What is a reasonable rate of return on investment in a franchise opportunity? Though the question seems simple, it is still an important one, so let’s analyse the factors involved in getting an answer.
Usually, computing the return on an investment is a fairly straightforward and intuitive process. When you invest in the stock market, for example, you know exactly how much money you paid for the stock. Your return usually consists of a combination of dividends paid to you while you owned the stock plus any appreciation in the stock value when you sell it. If you pay R400 for a stock that pays you a R20 dividend and then you sell the stock in one year for R420, you made a R40 total profit, a10% return on your investment. If you buy a bond for R400 and it pays you an annual interest payment of R24, your return on investment is 6%.
Those types of investments are referred to as passive, which means that you are investing your money but not any significant amount of your time. With passive investments, the more risky the investment the higher average return you expect to make, and the more money you invest the higher your total investment earnings will usually be. Most people would agree that, over time, an average annual return of 5% to 12% on your passive investment rands is good, and anything higher than 12% is excellent.
Investing in a Franchise
But a franchise is almost never a passive investment. Virtually all franchises assume that the owner will be investing at least some of their time and talent in the business in addition to their money. So it is reasonable to assume that an investment in a franchise should provide a return for both the money and the time that is being invested in the business; hence the complication in the ROI calculations. This also means that we expect the return to be significantly higher for a franchise than for a passive investment. Otherwise what’s the point of investing your time?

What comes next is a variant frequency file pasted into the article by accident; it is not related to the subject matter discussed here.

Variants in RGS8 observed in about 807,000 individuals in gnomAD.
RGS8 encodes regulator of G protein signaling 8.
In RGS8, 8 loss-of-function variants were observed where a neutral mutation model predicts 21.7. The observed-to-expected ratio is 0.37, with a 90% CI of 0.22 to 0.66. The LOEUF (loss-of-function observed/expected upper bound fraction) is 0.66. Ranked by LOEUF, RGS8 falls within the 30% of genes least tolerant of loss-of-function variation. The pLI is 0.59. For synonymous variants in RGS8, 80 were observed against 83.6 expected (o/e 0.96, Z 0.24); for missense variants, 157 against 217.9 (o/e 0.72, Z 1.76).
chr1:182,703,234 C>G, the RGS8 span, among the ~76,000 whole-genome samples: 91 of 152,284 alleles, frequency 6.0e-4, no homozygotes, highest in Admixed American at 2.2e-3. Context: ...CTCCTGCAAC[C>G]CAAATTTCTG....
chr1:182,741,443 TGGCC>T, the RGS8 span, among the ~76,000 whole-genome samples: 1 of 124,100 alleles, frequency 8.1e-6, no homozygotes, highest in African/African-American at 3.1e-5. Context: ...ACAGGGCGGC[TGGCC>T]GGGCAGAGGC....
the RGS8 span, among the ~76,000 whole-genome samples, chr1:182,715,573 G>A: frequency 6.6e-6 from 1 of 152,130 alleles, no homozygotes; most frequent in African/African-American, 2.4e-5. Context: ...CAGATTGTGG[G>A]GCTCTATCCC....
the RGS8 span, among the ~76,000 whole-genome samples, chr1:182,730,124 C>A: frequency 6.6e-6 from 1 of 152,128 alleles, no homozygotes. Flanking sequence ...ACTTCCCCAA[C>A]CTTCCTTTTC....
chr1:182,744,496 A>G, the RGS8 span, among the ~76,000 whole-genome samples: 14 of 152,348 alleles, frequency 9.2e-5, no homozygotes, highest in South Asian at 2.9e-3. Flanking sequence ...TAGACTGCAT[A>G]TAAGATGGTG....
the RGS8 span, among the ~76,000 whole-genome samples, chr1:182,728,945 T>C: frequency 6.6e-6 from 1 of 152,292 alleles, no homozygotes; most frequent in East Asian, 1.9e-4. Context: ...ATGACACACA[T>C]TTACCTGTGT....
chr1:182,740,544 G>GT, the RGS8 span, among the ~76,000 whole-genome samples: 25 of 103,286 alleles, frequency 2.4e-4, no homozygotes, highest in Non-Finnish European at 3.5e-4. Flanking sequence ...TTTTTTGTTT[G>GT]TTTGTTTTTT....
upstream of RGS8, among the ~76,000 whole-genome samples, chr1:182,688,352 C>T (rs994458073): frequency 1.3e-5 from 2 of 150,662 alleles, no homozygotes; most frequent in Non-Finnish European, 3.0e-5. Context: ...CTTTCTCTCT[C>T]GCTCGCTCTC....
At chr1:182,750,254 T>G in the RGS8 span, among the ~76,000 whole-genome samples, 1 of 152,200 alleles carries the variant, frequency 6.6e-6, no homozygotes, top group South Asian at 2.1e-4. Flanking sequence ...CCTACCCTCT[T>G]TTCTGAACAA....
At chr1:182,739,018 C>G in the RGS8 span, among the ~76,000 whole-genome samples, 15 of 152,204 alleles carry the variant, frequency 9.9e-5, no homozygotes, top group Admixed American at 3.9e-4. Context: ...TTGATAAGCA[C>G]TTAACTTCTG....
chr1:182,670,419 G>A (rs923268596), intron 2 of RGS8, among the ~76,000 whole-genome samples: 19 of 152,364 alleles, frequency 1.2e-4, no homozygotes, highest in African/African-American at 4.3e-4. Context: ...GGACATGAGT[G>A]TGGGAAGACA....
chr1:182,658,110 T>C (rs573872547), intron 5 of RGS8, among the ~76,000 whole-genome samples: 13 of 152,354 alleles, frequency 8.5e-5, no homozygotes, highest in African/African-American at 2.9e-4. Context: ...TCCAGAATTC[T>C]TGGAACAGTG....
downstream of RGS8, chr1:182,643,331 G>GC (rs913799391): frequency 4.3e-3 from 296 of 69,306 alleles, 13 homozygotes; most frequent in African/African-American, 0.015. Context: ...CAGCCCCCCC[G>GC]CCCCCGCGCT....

Most new businesses go through a start-up phase where they lose money for a while, then break even and ultimately become profitable.
The curve of this initial growth phase is usually fairly sharp in the beginning, and then the business stabilises and begins experiencing a more normal growth rate as it matures. For an average business, this process takes about two to three years. For this reason, when we look at the monetary return for a franchise, we usually look at what our income expectations are based on the business being in its third year of operation.
When evaluating a reasonable return in a franchise, begin by looking at the return on invested capital. Since starting any business is considered a relatively risky investment, you should be able to earn a very good return on your invested capital, let’s say in the neighbourhood of 15%. In other words, for every R100 000 of your capital you invest, you should expect to make at least R15 000 per year in return on the investment.